Avoid disaster in your next triathlon by following this golden rule.
After surviving the chilly, choppy and chaotic swim at the 2008 Ironman Coeur d’Alene, I set out determined to make up time during the early miles of the bike course. Less than 20 miles in, the rear of my bike started to feel a little squishy and I noticed a hissing sound. I’d flatted one of the brand-new tires affixed to my sexy rental race wheels.
Fortunately, I’d installed and changed a few tubular tires in the past, and I calmly started the process of working the tire from the rim. After struggling for a few minutes with still-frozen fingers, I took a little walk break to calm down and find a private place to pee. When I returned, a utility knife appeared on the ground near my wounded wheel. I gazed inquisitively at the small group of spectators nearby and noticed a friendly gentleman with a hint of a smile and an M-dot tattoo on his calf. Surely he would know that racers are not permitted to accept “outside assistance,” so I must have been fortunate enough to have flatted in the exact spot where a helpful tire-removal tool was previously laying. (That’s my story and I’m sticking to it!)
Even with the lucky knife now in hand, I failed to separate the tire from the dried glue on the rim. Only after slicing the tire horizontally was I able to peel it off clockwise and see that the rental wheel company had used an incredibly tenacious brand of tape instead of glue. After 55 exacerbating minutes, I had the spare tire tenuously affixed to the rear wheel, but without any dried glue to help with adhesion, I rode ahead fearing catastrophe. I made it to T2 with my emotional tank on zero, turned in my timing chip and called it a day.
Of the many lessons I learned that day, “do nothing new on race day” was the most valuable. There are numerous unplanned experiences that come your way during 140.6 miles, but now I try to limit those during months of training and key race rehearsal sessions.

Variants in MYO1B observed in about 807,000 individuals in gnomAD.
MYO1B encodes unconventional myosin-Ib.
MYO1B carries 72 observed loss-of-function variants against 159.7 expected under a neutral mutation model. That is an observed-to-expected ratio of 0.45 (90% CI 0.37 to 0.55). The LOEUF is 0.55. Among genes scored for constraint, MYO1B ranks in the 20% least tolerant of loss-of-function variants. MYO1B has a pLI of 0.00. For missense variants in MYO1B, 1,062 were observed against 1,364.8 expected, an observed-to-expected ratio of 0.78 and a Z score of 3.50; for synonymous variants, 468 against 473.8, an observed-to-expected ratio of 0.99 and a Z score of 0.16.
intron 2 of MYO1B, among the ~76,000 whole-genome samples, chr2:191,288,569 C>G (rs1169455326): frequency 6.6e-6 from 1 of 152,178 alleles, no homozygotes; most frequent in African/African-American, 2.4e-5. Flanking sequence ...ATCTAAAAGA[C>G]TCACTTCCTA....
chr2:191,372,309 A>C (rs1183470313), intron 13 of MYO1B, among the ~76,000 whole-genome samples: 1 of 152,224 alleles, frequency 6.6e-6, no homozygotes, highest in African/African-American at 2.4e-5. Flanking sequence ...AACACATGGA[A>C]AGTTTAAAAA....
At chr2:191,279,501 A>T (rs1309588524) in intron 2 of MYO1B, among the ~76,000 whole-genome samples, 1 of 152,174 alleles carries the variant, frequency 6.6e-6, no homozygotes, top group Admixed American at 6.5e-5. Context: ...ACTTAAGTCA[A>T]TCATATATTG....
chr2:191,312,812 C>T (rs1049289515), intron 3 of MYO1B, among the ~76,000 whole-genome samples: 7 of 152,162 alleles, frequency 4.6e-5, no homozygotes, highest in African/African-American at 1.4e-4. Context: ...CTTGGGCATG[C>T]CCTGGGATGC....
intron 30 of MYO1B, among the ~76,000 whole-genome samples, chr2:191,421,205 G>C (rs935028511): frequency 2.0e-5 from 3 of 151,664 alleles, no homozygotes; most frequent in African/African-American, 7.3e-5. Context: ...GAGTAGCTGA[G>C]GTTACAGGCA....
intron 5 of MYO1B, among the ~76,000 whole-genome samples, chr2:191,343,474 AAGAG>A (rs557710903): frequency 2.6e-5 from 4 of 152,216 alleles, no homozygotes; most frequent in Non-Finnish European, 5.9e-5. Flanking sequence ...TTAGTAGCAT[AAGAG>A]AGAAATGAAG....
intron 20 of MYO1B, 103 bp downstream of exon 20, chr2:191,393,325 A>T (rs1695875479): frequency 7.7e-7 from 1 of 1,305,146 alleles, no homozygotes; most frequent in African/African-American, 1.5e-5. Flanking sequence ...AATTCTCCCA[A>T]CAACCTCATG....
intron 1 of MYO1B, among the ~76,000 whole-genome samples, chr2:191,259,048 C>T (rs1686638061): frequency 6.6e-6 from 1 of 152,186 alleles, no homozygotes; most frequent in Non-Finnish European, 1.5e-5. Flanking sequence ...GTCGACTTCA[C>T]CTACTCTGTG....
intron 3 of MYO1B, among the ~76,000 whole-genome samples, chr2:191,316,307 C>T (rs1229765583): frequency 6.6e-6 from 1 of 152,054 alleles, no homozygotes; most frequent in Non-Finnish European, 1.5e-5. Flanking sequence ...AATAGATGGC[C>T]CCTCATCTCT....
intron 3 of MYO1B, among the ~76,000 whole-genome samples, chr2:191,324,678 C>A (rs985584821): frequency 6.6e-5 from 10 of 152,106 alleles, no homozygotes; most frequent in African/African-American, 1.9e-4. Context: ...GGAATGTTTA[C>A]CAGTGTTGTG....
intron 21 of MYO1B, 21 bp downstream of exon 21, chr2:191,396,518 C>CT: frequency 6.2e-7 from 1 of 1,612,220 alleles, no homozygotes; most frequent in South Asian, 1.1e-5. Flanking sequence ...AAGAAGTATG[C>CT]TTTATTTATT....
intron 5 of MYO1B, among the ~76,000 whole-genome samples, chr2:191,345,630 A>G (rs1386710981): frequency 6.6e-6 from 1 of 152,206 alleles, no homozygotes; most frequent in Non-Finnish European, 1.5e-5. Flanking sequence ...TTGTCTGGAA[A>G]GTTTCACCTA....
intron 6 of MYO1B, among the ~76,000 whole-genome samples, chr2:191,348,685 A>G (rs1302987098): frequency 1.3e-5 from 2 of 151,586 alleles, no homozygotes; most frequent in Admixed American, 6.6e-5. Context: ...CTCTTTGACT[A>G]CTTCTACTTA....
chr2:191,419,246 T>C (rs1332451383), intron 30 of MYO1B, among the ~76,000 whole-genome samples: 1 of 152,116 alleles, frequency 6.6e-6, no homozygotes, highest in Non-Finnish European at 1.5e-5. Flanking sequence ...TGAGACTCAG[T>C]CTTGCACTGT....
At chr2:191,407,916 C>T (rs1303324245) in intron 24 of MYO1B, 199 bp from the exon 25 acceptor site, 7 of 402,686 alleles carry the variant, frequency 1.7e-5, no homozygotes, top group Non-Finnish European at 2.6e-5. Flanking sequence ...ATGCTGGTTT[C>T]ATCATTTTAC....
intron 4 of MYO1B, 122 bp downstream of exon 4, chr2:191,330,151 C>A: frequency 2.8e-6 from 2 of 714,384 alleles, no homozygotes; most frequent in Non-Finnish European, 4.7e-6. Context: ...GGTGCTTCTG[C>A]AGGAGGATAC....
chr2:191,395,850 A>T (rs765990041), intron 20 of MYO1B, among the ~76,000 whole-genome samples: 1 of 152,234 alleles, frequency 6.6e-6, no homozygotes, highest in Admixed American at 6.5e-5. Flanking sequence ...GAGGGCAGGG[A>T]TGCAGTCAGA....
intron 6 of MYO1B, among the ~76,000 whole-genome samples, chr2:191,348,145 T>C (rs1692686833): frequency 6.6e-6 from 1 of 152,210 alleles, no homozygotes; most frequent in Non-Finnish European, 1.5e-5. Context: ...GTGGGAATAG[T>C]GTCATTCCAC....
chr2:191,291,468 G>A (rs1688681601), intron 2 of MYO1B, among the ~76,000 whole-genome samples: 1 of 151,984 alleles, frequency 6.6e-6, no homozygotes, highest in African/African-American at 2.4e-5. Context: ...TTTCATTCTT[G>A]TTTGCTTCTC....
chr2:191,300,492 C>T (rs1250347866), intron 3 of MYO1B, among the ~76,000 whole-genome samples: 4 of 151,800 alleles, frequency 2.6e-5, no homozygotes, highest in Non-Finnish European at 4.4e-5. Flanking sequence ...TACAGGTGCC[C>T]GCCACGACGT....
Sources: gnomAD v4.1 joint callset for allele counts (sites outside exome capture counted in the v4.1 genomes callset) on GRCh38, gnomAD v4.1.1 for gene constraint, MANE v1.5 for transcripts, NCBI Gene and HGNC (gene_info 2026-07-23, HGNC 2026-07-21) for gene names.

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Mistakes to avoid
Racing on rental wheels you’re not familiar with (example: me). If you can afford it, buy a set of aero wheels and do all your training on them as well. The days of being labeled a geek for doing so are long gone, and today’s selection of carbon hoops are tough enough for everyday riding. If you don’t feel comfortable putting all your miles on tubular tires (and who would after reading about my 55-minute flat change?), then check out the growing selection of tubeless setups that offer increased flat resistance and supple ride characteristics similar to tubular tires. And always practice changing a flat before a race!
Pacing the bike too fast. Simply put, if you were unable to ride that speed during your most recent key rehearsal workout that included a few miles of running off the bike, then there’s very little chance it will magically work out for you on race day.
Experimenting with fuel. Trust your training, trust your coach, trust yourself! Don’t second-guess any of these while strolling through the expo, or (even worse) when you see what your competitors have planned on race morning.
Wearing your tri kit for the first time on race day. To be safe, make sure you try out your race-day outfit for at least a couple of key training sessions that ideally include all three disciplines. You’ll want to know how it absorbs water, how the chamois feels during a long bike ride and if there’s any chafing potential on the run.
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